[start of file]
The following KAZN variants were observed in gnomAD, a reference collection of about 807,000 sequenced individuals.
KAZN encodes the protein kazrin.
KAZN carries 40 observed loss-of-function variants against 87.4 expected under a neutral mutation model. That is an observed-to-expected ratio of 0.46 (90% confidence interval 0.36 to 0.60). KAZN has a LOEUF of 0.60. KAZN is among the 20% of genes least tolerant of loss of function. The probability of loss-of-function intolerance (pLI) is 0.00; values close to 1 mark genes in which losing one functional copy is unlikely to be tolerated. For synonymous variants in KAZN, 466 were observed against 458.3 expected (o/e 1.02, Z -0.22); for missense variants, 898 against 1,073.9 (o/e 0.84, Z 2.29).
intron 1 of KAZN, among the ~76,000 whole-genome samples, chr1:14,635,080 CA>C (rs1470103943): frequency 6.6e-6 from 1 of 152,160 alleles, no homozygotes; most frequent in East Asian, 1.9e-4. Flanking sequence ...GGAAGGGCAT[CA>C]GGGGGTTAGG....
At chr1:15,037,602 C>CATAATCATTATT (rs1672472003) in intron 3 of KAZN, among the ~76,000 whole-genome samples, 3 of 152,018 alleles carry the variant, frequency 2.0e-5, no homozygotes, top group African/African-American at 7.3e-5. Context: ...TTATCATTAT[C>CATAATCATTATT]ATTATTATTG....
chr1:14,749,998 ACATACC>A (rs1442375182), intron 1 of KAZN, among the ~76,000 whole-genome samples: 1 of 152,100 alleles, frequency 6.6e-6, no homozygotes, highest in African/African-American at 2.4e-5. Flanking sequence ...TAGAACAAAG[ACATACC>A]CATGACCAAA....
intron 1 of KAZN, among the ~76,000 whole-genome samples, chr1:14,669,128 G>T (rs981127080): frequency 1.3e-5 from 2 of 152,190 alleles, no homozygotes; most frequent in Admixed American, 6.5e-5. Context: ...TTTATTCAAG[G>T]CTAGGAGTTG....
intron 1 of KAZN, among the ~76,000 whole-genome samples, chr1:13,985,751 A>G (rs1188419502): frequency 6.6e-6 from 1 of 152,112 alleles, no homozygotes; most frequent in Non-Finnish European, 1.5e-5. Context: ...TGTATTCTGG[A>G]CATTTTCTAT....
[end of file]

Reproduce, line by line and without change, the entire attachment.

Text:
The following KAZN variants were observed in gnomAD, a reference collection of about 807,000 sequenced individuals.
KAZN encodes the protein kazrin.
KAZN carries 40 observed loss-of-function variants against 87.4 expected under a neutral mutation model. That is an observed-to-expected ratio of 0.46 (90% confidence interval 0.36 to 0.60). KAZN has a LOEUF of 0.60. KAZN is among the 20% of genes least tolerant of loss of function. The probability of loss-of-function intolerance (pLI) is 0.00; values close to 1 mark genes in which losing one functional copy is unlikely to be tolerated. For synonymous variants in KAZN, 466 were observed against 458.3 expected (o/e 1.02, Z -0.22); for missense variants, 898 against 1,073.9 (o/e 0.84, Z 2.29).
intron 1 of KAZN, among the ~76,000 whole-genome samples, chr1:14,635,080 CA>C (rs1470103943): frequency 6.6e-6 from 1 of 152,160 alleles, no homozygotes; most frequent in East Asian, 1.9e-4. Flanking sequence ...GGAAGGGCAT[CA>C]GGGGGTTAGG....
At chr1:15,037,602 C>CATAATCATTATT (rs1672472003) in intron 3 of KAZN, among the ~76,000 whole-genome samples, 3 of 152,018 alleles carry the variant, frequency 2.0e-5, no homozygotes, top group African/African-American at 7.3e-5. Context: ...TTATCATTAT[C>CATAATCATTATT]ATTATTATTG....
chr1:14,749,998 ACATACC>A (rs1442375182), intron 1 of KAZN, among the ~76,000 whole-genome samples: 1 of 152,100 alleles, frequency 6.6e-6, no homozygotes, highest in African/African-American at 2.4e-5. Flanking sequence ...TAGAACAAAG[ACATACC>A]CATGACCAAA....
intron 1 of KAZN, among the ~76,000 whole-genome samples, chr1:14,669,128 G>T (rs981127080): frequency 1.3e-5 from 2 of 152,190 alleles, no homozygotes; most frequent in Admixed American, 6.5e-5. Context: ...TTTATTCAAG[G>T]CTAGGAGTTG....
intron 1 of KAZN, among the ~76,000 whole-genome samples, chr1:13,985,751 A>G (rs1188419502): frequency 6.6e-6 from 1 of 152,112 alleles, no homozygotes; most frequent in Non-Finnish European, 1.5e-5. Context: ...TGTATTCTGG[A>G]CATTTTCTAT....